Though Indians would like to believe that their team will emerge victorious, according to Ladbrokes, the well-known UK-based betting agency, Australia is at the top on the betting meter (2/1), followed closely by South Africa (4/1), then Sri Lanka (7/1) and England priced at 8/1 for the current World Cup. India is trailing at joint fourth with England. Usually, Indian bookies follow the pattern of international bookmakers.
India unexpectedly won the World Cup in 1983 and reached the final in 2003. In a country starved of sports heroes, Indian fans only expect the best performance.
New methods are continually devised to persuade clients to place bets, as well as to circumvent the police. With mobile phones and e-mails under the threat of being monitored, some operators offer big clients "free home delivery" service. Errand boys fan out with specially designed chits of paper with a list of the various bets on offer. Each client has a code known orally to the operator. The client then ticks off his odds according to his preference, or places fresh bets if he wants to.
"This process involves more cost, but since there are no electronic records, it is completely foolproof," said a police official.
The other method of placing bets is through short messaging service (SMS) over a mobile phone. "However, people want to be completely safe and do not like to use even SMS as it leaves the record of the cell number," the official said.
One breed of people very apprehensive about cricket is politicians at election time. Attendance at rallies simply dwindles, although this problem is alleviated by the installation of huge TV screens at venues to keep voters interested. A few years back a very high-profile nationwide tour by senior Bharatiya Janata Party leader L K Advani was widely ignored because of a cricket tournament. Advani's rath (a specially turned-out mobile van with state-of-the-art comforts and technology) was then fitted with TV screens that telecast the matches live, which drew the crowds.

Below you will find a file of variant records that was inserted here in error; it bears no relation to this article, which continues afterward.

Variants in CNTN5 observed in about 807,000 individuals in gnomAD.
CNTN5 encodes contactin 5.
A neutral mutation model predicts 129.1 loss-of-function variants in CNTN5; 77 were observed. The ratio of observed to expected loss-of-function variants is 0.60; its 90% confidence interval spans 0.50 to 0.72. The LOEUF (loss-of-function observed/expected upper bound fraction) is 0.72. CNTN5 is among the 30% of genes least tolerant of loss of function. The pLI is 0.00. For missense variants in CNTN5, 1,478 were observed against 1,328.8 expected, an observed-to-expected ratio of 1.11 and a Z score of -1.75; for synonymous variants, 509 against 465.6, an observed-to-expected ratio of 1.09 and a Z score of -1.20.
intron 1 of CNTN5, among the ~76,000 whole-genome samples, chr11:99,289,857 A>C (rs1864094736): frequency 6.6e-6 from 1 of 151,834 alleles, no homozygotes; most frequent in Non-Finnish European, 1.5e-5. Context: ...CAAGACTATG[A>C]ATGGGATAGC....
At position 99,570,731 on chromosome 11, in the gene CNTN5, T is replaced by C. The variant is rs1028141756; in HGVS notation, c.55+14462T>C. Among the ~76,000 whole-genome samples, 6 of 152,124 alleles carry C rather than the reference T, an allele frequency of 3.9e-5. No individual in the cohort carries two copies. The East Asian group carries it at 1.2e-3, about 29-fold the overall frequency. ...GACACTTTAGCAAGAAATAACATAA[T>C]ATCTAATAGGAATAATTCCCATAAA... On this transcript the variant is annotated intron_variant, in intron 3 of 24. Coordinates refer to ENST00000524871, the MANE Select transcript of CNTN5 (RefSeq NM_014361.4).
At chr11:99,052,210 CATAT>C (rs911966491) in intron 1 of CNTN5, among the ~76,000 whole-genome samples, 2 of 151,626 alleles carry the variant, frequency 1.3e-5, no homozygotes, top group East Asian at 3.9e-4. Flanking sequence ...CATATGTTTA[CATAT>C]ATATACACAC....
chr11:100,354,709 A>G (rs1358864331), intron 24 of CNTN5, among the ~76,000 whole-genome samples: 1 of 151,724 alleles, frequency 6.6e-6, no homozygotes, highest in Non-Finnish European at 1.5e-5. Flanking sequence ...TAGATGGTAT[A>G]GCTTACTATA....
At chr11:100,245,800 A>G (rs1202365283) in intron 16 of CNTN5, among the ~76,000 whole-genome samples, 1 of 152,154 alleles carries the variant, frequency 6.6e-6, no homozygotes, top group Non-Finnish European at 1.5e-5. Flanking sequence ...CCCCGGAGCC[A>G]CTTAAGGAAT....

This year, the crucial state elections in Uttar Pradesh next month are going to overlap with the 2007 World Cup. All political parties are ensuring that mobile vans in which leaders travel to the hinterland are fitted with TV screens. Venues are likewise being equipped with live radio commentary or TV.
According to estimates, India loses more than 2% of its gross domestic product, or more than $10 billion, to the bulk of the working population watching cricket on TV.
India boasts the world's third-biggest cable and satellite subscriber base, which stands at close to 70 million homes, up from 42 million in 2003 when the previous World Cup took place. Cricket updates on mobile phones that number more than 170 million users will be another big forum.
Indian media buyers estimate rates for a 30-second ad spot during the World Cup range from Rs125,000 to Rs300,000 ($2,820-$6,770). This compares to the top television program, a quiz show, hosted by top Bollywood star Shahrukh Khan. The Indian advertising market stands around $4 billion a year.
According to estimates, Sony Corp, which owns the broadcast rights in India, is set to earn more than $100 million in advertising revenue. Sony reportedly paid more than Rs2.5 billion to purchase the rights from the International Cricket Council in 2002.
It is going to be one big party in India and the rest of the subcontinent over the next month and a half.
Siddharth Srivastava is a New Delhi-based journalist.
Siddharth Srivastava is WSN Editor India.